Local Government Pension Scheme – current considerations

08 July 2020

Our pensions advisers Isio update on the latest on the Local Government Pension Scheme, including the position on funding and end of year reporting, and outline some recommended next steps.

The impact of coronavirus on the LGPS funding position

The LGPS funding position has been hit harder by the coronavirus crisis than the Social Housing Pension Scheme (SHPS) funding because it is on the whole invested in riskier assets. Whilst we estimate that the SHPS funding level has reduced by around 5% due to coronavirus, the overall LGPS funding level has fallen by over 10%, although it will be different for each LGPS fund and employer.

Some housing associations have their own schemes and we would expect them to have fared better, assuming they are hedged against interest rate risk as many are.

Flexibility in contributions

If you are in the LGPS, your new rates and adjustments certificate should now be in place from 1 April and so you might expect to be protected from increases for three years.

On the other hand, if you would like the flexibility to reduce contributions to deal with coronavirus challenges, you should approach your fund, or TPT (if you are in SHPS), or trustees (if you are in your own scheme) to seek contingency in your contributions. The Pensions Regulator is clear in its guidance that this will be in a scheme’s favour if it protects your organisation’s future.

We understand that the LGPS has not yet issued any such similar guidance to allow flexibility for employers when paying their Rates and Adjustments (i.e. contribution schedule, the new one of which came into force on 1 April 2020).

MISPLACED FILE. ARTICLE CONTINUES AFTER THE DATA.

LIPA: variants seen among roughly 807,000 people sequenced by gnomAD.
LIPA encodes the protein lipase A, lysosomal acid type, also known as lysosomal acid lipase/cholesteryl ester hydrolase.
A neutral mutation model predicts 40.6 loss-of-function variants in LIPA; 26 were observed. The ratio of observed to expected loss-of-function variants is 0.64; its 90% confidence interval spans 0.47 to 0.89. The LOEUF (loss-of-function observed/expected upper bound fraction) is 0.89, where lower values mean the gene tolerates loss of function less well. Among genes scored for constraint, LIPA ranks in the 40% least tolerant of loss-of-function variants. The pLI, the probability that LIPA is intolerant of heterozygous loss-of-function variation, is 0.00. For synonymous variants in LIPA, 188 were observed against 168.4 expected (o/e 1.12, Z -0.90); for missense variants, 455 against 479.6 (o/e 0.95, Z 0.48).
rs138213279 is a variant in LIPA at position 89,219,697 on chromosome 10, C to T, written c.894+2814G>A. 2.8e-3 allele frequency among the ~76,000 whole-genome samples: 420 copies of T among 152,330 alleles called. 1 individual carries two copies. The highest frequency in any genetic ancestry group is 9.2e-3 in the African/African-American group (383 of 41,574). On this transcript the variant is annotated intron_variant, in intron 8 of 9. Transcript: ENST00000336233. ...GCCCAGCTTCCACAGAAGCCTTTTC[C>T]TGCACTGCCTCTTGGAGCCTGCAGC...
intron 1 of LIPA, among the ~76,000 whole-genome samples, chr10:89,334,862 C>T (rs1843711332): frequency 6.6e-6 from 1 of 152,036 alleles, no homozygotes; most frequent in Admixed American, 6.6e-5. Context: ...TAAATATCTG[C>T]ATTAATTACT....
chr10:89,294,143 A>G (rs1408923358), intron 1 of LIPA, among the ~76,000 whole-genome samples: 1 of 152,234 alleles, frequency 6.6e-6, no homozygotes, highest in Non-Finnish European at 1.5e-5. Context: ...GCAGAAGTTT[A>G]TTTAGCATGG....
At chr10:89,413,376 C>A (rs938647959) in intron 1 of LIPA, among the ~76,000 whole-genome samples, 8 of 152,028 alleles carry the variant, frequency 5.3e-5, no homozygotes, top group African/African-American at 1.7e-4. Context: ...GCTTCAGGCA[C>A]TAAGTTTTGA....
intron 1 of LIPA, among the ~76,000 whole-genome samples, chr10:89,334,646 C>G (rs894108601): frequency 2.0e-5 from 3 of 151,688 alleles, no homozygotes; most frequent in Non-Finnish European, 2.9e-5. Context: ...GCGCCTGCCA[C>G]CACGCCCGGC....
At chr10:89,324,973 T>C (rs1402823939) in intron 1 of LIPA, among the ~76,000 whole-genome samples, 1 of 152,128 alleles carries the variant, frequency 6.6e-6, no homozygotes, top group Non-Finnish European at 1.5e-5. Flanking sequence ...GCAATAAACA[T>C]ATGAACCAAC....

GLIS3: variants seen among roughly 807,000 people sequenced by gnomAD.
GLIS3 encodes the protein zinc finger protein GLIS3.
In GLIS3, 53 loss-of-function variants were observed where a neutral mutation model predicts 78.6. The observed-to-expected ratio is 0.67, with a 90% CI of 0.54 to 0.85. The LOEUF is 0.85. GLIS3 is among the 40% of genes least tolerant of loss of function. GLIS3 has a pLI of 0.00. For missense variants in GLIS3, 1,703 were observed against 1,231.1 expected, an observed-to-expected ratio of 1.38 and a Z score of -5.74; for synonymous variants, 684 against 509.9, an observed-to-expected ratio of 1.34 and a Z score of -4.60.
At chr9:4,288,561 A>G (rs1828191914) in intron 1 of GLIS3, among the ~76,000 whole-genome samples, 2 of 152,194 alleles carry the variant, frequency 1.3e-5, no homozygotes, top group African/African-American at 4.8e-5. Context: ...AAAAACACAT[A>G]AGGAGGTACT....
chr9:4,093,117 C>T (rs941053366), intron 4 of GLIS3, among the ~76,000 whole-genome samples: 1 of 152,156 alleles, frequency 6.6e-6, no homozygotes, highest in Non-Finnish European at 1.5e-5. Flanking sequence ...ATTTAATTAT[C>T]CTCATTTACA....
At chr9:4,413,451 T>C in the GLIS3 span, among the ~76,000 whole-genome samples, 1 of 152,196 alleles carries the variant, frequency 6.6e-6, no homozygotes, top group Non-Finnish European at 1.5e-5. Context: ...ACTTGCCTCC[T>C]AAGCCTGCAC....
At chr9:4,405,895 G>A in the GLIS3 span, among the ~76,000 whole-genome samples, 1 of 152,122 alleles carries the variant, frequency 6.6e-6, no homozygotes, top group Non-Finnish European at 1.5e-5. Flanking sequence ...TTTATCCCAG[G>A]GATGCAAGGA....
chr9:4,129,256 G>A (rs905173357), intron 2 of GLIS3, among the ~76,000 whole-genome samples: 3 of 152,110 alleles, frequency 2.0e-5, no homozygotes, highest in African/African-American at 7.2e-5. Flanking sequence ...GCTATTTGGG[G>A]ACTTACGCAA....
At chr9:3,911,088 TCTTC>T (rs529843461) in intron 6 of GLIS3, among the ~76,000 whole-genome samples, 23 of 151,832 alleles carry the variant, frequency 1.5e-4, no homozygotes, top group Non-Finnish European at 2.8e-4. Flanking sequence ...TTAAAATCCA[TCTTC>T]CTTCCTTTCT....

But, importantly, this shouldn’t mean that employers in a multi-employer scheme can’t look for flexibility, although arguably it may be harder to achieve in practice.

31 March 2020 financial reporting

For organisations in the LGPS, the FRS102 valuation at 31 March 2020 will again be better than under the funding measure, for similar reasons as set out above in relation to SHPS. However, there will be perhaps quite marked variation across funds due to the different asset strategies taken and how asset values have fared in the months up to the end of March. 

Understanding your own fund’s investment strategy is important if you are to meaningfully project costs and risks for business planning and govern the level of risk being taken on your behalf.

Asset valuations

There is a (limited) risk of a housing association having materially incorrect or qualified asset figures from their LGPS Fund in their FRS102 schedule at 31 March 2020. Whether this leads to a problem for individual employer accounts will depend on the fund, the materiality in the employer’s overall accounts, and the view of the individual auditor. This is likely to only be the case where the fund is invested in property or alternatives and the pension size is material within an organisation’s overall accounts. 

Recommended steps for employers

1. Contact your LGPS fund to understand how the fund is valuing assets at 31 March 2020, and timescales for this. In particular, ask:

  • Are they using 31 March data where available?
  • Are they using actual returns rather than estimated returns in relation to listed assets in any rolled forward valuations?
  • What is the approach taken to property and alternatives?
  • What is the proportion of property and alternatives in total assets?

2. Assess the materiality of your pensions in the context of your own accounts (this can be assessed based on 2019 if there are no significant changes over the year).

3. Approach your auditor to understand whether the proposed methodology is acceptable and whether any mitigation is required. In particular, confirm:

  • The materiality of any uncertainty.
  • Whether they will categorise any uncertainty in property or alternatives (or other uncertain valuations) as a 'limitation of scope' or 'abnormal uncertainty'.
  • If it might lead to a 'limitation of scope', ask your auditor what is realistically possible to avoid this, given the availability of data at the 2020 year end.

4. Put your auditor in touch with the LGPS fund if necessary.